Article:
A first strategy to reduce Light Pollution in Macaronesia is just one of the results obtained from the implementation of the Interreg LuMinAves project (2017-2020) in the Azores. This project has made it possible, in synergy with other initiatives, to update knowledge about seabirds in the Azores and to raise public awareness about this problem, which threatens not only shearwaters, but also other similar species that occur in the Azores: Calonectris borealis; Puffinus baroli; Hydrobates; Bulweria bulwerii.

The LuMinAves project (2017-2020) (Interreg), developed in the Azores by the Regional Directorate for Sea Affairs (DRAM), the Regional Science and Technology Fund (FRCT) and the Portuguese Society for the Study of Birds (SPEA), had with the aim of reducing the impact of light pollution on the Macaronesian seabird population, through three key actions: updating knowledge about seabird populations; the dissemination and improvement of campaigns to save juveniles and mitigate light pollution, through the identification of critical areas; and the definition of a common strategy for Macaronesia to reduce this problem in the future.

The available information on the conservation status of seabirds in the Azores was quite outdated, with population estimates dating back to 1999. The Interreg LuMinAves project, in synergy with other projects, such as the Mistic Seas II and the post-project LIFE Islands Sanctuary for Seabirds, allowed to update this information, identify the main threats to these species and assist DRAM in reporting on the conservation status of these birds (within the scope of the Birds Directive) and its Environmental Status, within the scope of the Strategy Framework Directive Navy.

The data obtained through the monitoring of several seabird colonies by SPEA and DRAM / Environmental and Natural Parks Services, identify several threats to these birds, where the predation of chicks and eggs by invasive alien species, such as mice and cats, continues being the main threat, associated with human disturbance in nesting sites and deaths associated with the effect of artificial lights on these birds.

The collaboration in the SOS Cagarro campaign, a coordinated campaign in the Autonomous Region of the Azores, by DRAM, with the support of the Island Environmental Services / Natural Parks, allowed the saving and registration of 17 071 shearwaters across the archipelago between 2017 and 2019, having been scientific brigades were organized with volunteers, as is customary during the campaign. In addition, and thanks to the work carried out by SPEA, around 2424 sea birds (among shearwaters, staggers and frusos) were saved on the islands of Corvo and São Miguel. 27 outreach sessions were held with 992 participants, of which at least 266 were female, and 23 environmental education activities with more than 396 students, of which at least 105 were female.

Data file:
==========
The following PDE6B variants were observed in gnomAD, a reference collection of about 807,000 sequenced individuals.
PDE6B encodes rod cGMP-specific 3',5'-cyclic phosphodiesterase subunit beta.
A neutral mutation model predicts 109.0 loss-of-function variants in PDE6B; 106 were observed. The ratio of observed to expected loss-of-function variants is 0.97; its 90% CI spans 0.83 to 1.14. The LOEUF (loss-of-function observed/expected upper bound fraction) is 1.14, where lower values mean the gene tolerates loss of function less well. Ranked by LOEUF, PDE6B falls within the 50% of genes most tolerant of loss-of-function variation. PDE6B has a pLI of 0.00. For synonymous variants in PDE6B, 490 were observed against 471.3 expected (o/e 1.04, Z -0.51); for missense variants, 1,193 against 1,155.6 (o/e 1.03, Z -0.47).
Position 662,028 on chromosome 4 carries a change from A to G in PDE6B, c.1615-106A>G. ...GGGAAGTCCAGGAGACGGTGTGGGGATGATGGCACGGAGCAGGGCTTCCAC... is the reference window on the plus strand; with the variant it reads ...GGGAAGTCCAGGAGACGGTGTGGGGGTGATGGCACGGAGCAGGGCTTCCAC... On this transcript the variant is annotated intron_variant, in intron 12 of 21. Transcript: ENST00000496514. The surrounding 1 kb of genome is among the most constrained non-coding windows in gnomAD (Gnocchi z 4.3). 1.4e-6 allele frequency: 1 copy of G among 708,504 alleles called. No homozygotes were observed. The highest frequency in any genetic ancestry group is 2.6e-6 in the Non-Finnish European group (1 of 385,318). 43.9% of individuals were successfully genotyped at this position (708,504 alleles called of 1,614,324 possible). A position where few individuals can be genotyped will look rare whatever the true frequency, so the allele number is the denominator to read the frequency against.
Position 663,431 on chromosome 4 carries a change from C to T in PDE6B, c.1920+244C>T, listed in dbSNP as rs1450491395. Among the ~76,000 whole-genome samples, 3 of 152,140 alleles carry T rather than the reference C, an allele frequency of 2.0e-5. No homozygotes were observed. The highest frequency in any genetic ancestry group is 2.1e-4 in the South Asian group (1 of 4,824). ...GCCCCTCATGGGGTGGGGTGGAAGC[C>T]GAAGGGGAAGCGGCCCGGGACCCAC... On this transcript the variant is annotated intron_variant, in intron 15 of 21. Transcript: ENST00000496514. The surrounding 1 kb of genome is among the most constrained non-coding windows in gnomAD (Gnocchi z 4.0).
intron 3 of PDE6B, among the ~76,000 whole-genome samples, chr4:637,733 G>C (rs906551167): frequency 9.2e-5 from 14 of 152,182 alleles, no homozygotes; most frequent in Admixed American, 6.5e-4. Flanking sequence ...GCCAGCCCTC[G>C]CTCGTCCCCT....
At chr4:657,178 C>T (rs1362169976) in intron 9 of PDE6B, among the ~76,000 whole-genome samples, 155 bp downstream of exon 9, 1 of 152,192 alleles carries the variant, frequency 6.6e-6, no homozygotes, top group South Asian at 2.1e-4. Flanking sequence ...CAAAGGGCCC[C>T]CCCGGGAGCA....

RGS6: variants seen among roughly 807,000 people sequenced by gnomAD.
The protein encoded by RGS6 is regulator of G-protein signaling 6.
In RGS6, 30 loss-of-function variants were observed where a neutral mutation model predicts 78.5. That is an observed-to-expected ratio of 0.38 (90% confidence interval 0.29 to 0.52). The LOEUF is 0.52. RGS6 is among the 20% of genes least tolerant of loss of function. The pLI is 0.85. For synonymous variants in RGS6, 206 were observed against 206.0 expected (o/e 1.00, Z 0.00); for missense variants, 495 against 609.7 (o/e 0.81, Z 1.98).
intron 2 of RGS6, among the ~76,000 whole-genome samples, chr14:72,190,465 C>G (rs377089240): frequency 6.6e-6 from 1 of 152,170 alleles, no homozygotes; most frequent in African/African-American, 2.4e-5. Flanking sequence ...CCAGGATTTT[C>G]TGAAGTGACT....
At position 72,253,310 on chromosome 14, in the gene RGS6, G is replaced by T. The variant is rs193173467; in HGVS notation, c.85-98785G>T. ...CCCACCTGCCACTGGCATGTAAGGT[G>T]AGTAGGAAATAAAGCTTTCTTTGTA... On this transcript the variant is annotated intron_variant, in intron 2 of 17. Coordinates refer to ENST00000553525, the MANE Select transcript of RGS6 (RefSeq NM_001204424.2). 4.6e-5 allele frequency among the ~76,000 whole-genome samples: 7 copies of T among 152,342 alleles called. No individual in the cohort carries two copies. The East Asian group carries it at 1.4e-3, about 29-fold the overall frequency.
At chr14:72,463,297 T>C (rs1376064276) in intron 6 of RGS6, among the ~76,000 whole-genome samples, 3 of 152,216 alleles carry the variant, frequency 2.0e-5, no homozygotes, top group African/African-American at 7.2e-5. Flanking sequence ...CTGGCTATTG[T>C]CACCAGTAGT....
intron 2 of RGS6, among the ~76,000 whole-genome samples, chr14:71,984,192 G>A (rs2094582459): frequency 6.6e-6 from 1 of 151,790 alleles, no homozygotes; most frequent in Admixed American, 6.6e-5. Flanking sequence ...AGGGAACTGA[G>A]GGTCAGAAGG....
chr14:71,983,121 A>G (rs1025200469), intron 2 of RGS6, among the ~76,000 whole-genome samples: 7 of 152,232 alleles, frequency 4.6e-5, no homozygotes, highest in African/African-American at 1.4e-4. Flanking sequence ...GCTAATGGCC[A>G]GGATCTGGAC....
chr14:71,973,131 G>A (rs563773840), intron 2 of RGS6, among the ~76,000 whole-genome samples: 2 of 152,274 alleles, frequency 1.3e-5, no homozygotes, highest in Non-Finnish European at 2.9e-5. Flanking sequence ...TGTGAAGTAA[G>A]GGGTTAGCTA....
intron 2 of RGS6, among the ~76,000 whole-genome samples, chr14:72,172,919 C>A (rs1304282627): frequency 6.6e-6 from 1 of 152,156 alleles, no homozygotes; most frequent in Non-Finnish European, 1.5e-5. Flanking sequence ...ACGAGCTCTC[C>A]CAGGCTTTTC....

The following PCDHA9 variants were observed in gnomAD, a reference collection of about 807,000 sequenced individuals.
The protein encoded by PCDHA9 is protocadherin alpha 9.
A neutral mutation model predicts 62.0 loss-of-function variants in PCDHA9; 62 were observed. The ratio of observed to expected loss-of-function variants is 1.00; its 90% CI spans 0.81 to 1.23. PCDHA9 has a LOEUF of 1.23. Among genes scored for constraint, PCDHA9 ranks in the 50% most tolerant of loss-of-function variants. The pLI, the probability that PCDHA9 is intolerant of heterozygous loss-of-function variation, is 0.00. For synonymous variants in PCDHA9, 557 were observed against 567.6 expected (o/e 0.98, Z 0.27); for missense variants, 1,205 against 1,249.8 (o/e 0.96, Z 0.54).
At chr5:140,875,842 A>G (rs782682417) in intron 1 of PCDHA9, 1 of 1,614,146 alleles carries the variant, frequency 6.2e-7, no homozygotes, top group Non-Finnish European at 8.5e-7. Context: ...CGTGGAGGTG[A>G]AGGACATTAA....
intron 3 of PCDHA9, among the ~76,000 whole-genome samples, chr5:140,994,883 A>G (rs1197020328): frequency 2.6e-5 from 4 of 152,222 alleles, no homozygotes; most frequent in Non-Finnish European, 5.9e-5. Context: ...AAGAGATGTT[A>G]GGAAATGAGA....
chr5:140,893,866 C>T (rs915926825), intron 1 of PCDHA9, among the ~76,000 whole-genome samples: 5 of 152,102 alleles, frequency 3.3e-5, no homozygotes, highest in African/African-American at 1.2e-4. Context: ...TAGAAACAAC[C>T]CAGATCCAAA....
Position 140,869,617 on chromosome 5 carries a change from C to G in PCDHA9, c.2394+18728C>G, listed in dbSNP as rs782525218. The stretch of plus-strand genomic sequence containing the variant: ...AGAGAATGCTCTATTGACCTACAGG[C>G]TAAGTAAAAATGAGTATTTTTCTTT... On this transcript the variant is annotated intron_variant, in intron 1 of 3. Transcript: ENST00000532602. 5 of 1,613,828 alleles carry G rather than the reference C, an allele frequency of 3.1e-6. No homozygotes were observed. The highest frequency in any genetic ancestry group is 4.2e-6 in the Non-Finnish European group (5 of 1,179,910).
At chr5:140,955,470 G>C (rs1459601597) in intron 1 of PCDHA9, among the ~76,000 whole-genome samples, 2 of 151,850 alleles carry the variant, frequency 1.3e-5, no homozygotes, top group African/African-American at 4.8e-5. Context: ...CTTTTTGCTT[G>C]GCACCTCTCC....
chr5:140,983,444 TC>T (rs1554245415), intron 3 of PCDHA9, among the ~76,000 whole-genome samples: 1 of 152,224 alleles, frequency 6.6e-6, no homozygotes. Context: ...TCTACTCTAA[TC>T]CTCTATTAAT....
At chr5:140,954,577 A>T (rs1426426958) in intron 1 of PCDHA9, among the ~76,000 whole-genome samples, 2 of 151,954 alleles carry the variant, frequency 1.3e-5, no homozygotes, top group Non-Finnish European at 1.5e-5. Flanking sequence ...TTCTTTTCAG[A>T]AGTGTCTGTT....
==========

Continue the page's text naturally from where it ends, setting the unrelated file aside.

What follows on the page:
Through the creation of maps of falls of shearwaters, the FRCT, in conjunction with DRAM, developed risk maps, which allow the identification of the most critical places, either due to their proximity to colonies or to the high light pollution. These will be the priority places for the implementation of actions to correct outdoor lighting to reduce the impact of artificial light on seabirds.

The project partners also created a Manual of Good Lighting Practices, which can serve as a basis for changing public lighting and for the design of projects with less impact on seabirds and defined a Macaronesian Strategy to Reduce Light Pollution that identifies the main actions needed at the archipelago level, to make it safer for these birds. These actions include the continuation of seabird rescue campaigns, extending them to other species, and the implementation of concrete measures to reduce light pollution Without forgetting the continued efforts to raise awareness among the population and decision makers on this problem.

Pilot actions were also carried out in various locations, with emphasis on the island of Corvo, where, in partnership with the City Council, it was possible to perform blackouts during the critical periods of juvenile shearing out of the nests and choose the best systems available to reduce the light pollution of Vila do Corvo with the collaboration of Electricidade dos Açores – EDA sa

During the SOS Cagarro 2020 campaign, it was also possible to count on the participation of the Municipality of Madalena, on the island of Pico and the Municipality of Vila Franca do Campo, which reduced the street lighting in places identified as critical points of falls of shearwaters. In addition, every year, DRAM counts on the collaboration of around 40 public and private entities, such as Municipal Councils, Parish Councils, Ports of the Azores, EDA, Airports and aerodromes, among others, which reduce the lighting in places identified as very bright and that could potentially be sites of many falls.

The challenge that now arises is taking effective measures to reduce the mortality of seabirds that is caused by light pollution, by promoting the implementation of good practices in outdoor lighting, both for municipalities and private establishments.

In this sense, the Interreg EELabs project “Energy Efficiency Laboratories” is being developed, carried out by SPEA in the Azores, which aims to promote the creation of its own legislation to reduce light pollution at regional and municipal level and, above all, to promote better lighting. for the conservation of biodiversity, the night sky and people’s health.